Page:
By preserving the whimsical elements of the original novel, Polanski not only continues to show the influence of Surrealism upon his work, he also taps into one of the most enduring motifs of European art, namely that the only sane reaction to the kind of death and misery caused by World War is to laugh.  If Surrealism is whimsical, it is because it is a reaction to the events of the First World War.  The same instinct can be seen in the French reaction to the death and collaboration that went on during the Second World War, namely the recognition via Camus that human concerns are ultimately absurd.  The Tenant does not mourn Trelkovsky’s descent into madness, it looks on and acknowledges how silly it all is.  This whimsical tone is completely at odds with the dark and haunting imagery of Repulsion and the dream-like Horror and injustice of Rosemary’s Baby.


The film itself expresses the same split personality as its hero. The Tenant was a US/French co-production, also known as La locataire, and it appears to have been shot roughly half in English, half in French – at any rate, the actors who do not speak English fluently have clearly been dubbed. I suppose the opposite is true in the French cut. There is no historic indication which is the “authoritative” version. Certainly, it’s European-ness seems to outweigh it’s American-ness, but that is a wholly subjective sort of argument to make.


Ed Gonzalez for Slant:

The film’s nihilist point is clear: It’s the world against Trelkovsky and not the other way around. There’s an overwhelming sense here that the world is a stage and the people in Trelkovsky’s immediate realm are in constant performance mode. Because everyone in the film seems to exist solely for his benefit, it’s sometimes easy to brush Trelkovsky off as an egomaniacal loser. (Imagine a more uptempo remake of the film with Tom Cruise in the lead.) The film’s actors stand in center frame, staring not only at Trelkovsky but at the spectator as well. They pass judgement, whisper mischievously, and spread their idle gossip. This is the power of Polanski’s image—to so chillingly summon the self-consciousness and fear of the individual and the pervasive gaze of threatening others.



Polanski in interview, from the Paul Cronin anthology:

Q: In your two films that are set in Paris-The Tenant and Frantic-the image you give of the city is, to say the least, hostile.
A: Let’s just say I’ve felt some hostility around me in Paris. Not today but certainly in the 1950’s when I lived there. The Tenant was based Roland Topor’s novel, though the hostility in the story was exaggerated through the main character’s paranoia. We don’t know if the tension around him is real or imagined. […]


Q: What inspired you to play the lead in The Tenant?
A: At that point I was working with Paramount and they had the rights to the Roland Topor novel. I thought it would be a good role for me. As a matter of fact, I found it more interesting to play the part than to direct the film. I find this with a lot of scripts, and it’s actually rare that both things appeal to me at the same time. You shouldn’t forget that I started as an actor and only became a director later.


Q: You’re one of those rare filmmakers who have moved back and forth between Europe and Hollywood.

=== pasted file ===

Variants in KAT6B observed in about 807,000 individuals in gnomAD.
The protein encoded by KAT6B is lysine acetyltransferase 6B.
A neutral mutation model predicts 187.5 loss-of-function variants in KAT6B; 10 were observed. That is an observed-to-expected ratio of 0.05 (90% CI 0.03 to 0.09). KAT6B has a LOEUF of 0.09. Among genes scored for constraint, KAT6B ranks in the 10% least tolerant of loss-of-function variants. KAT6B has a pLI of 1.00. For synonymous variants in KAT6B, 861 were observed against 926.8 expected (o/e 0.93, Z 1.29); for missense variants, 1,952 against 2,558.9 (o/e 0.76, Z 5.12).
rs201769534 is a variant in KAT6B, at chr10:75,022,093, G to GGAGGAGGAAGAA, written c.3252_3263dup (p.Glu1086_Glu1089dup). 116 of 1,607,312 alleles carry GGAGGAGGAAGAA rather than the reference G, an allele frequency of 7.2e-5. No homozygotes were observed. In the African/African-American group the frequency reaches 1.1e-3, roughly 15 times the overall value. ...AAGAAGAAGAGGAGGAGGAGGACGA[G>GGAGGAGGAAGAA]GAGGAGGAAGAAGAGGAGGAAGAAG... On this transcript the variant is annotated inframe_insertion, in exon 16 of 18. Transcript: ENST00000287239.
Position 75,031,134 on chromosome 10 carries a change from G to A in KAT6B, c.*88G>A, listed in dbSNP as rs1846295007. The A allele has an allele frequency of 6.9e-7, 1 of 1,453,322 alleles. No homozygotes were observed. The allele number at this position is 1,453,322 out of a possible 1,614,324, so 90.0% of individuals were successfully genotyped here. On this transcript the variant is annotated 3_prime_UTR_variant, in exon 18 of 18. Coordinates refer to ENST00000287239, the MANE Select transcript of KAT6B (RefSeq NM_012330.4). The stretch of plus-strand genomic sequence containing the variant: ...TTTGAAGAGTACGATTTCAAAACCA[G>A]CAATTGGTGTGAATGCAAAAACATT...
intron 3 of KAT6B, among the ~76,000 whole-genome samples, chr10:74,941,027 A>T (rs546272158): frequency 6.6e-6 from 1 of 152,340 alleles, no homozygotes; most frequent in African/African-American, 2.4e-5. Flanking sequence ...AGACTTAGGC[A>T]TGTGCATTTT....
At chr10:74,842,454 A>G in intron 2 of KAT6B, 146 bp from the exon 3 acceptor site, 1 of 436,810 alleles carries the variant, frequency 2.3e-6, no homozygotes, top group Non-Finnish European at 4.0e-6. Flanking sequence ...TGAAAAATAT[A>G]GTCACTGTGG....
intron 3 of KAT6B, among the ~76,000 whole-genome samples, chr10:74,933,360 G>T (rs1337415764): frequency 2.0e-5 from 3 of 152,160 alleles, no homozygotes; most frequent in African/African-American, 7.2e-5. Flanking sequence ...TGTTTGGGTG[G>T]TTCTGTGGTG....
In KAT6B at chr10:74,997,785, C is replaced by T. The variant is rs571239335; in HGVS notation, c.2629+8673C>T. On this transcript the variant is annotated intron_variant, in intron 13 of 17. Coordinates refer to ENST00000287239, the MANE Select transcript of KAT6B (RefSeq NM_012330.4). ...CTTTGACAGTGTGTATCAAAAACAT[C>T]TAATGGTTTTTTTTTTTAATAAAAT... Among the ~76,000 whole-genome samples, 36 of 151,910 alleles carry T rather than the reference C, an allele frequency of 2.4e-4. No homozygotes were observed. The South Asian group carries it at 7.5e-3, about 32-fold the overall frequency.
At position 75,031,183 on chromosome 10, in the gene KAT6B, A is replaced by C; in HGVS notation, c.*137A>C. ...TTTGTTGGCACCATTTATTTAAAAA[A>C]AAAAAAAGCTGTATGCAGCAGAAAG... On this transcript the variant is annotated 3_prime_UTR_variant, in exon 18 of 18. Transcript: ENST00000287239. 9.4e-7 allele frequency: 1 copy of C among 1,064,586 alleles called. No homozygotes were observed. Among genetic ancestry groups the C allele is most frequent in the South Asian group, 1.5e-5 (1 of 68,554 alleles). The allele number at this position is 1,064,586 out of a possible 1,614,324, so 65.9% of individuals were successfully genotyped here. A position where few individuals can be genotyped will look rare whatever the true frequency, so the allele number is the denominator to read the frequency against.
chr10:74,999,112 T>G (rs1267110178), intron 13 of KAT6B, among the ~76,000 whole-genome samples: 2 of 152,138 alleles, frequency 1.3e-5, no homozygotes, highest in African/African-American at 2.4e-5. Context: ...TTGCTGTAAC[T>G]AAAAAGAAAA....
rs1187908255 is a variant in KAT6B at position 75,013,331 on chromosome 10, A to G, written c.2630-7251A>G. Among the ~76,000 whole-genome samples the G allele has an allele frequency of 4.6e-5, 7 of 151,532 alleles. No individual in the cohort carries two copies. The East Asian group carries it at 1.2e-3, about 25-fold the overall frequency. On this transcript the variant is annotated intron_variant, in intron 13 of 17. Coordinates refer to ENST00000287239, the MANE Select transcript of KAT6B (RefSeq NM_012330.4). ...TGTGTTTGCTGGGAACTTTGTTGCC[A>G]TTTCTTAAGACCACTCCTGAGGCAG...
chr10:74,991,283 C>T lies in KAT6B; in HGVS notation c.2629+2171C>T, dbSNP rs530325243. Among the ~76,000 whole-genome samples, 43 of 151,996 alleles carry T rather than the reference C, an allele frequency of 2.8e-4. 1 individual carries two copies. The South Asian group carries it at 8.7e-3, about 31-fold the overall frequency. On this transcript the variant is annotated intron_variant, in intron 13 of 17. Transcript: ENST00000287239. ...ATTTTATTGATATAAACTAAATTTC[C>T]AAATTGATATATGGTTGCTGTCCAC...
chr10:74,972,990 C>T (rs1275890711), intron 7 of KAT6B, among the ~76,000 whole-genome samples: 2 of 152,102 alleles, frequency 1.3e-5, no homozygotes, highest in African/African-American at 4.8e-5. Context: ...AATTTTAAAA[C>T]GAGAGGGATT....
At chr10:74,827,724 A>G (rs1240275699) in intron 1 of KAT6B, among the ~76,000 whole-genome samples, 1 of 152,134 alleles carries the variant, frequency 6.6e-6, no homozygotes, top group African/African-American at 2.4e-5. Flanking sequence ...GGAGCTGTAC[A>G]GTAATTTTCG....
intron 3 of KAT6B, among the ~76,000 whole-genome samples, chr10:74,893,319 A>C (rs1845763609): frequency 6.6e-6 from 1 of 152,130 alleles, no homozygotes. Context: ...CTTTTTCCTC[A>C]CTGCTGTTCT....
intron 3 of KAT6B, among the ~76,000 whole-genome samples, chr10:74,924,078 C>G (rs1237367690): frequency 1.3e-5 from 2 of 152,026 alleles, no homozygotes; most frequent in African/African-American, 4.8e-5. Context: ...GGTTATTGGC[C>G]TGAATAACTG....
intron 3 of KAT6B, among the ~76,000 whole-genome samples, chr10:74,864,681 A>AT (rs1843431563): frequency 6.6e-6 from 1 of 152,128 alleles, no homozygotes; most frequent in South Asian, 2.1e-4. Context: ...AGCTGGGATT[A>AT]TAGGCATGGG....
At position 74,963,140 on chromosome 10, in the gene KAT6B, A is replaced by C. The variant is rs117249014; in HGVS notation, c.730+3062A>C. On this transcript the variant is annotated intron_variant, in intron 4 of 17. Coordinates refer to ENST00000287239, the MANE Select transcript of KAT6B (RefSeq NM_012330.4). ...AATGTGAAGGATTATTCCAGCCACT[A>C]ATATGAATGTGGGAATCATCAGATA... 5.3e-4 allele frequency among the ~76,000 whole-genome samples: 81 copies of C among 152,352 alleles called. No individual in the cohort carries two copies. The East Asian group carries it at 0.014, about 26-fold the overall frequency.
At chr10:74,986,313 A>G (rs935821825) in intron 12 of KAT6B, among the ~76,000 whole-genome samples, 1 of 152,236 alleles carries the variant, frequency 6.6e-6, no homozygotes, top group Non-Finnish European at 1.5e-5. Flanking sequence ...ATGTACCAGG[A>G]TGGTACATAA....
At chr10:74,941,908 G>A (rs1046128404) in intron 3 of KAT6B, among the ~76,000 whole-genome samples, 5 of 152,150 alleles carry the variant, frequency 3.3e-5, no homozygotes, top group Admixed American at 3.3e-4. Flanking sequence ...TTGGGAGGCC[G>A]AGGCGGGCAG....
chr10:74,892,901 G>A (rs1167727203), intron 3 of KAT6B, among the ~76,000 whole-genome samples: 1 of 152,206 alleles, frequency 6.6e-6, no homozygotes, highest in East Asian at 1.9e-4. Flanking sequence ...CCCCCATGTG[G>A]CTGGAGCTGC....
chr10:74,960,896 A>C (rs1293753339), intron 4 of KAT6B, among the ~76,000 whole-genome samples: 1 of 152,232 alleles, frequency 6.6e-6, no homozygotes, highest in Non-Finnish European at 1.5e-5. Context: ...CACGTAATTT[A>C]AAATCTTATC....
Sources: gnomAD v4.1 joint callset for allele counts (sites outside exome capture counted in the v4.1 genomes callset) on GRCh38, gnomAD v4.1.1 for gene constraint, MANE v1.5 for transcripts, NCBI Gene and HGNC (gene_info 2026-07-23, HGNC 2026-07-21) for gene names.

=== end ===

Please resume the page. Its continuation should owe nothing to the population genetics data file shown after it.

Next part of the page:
A: I like London and Paris too much to be able to detach myself totally from them. I packed my bags but still kept my house there. London in the 1970’s, Paris in the 1980’s-these were the two places I repeatedly left but to where I would always return. You can see it in the films I’ve made. After Chinatown I needed to make a more European film and wanted to be in France, and also do some acting, so I made The Tenant in Paris.


Q: You took what you call your “irony” to Hollywood. But what did you bring back to Europe?
A: I brought back a certain way of looking at things which evokes a sense of displacement. In The Tenant, for example, Paris looks like an exotic city-the Paris of a foreigner.


Q: You seem to be making less disturbing films these days.
A: I don’t really think I’ve made any disturbing films. Which of my films do you think are disturbing? Perhaps The Tenant.


Aaron Smuts for Kinoeye:

The final scenes make Trelkovsky’s break from madness more pronounced and changes in perspective help to clearly indicate what he sees versus what is actually present. The initial assumptions of conspiracy are so difficult to break, partly due to the extreme oddness of the building’s occupants and the earlier finding of a human tooth inexplicably embedded in a wall, that the last scenes, especially the dream-mummy sequence, may seem utterly inconsistent. However, the film can be viewed as a mostly consistent exploration of provoked paranoia, and tends to offer more support for this interpretation when watched with the foreknowledge of Trelkovsky’s coming insanity.


The viewing experience is much less enjoyable from a critical distance, as the film’s effectiveness relies almost entirely on the audience to be as suspicious and susceptible as Trelkovsky. However, Le Locataire remains powerful because it does not rely solely on either narratorial or audience unreliability. In order to completely discount the conspiratorial evidence, especially the neighbor’s bathroom behaviors, the viewer would be required to reject the implicit pact of narratorial honesty developed in the later segments. The ambiguity and slight inconsistencies allow Polanski to artfully manipulate audience sympathy in a wonderfully disturbing film that offers new takes at every viewing.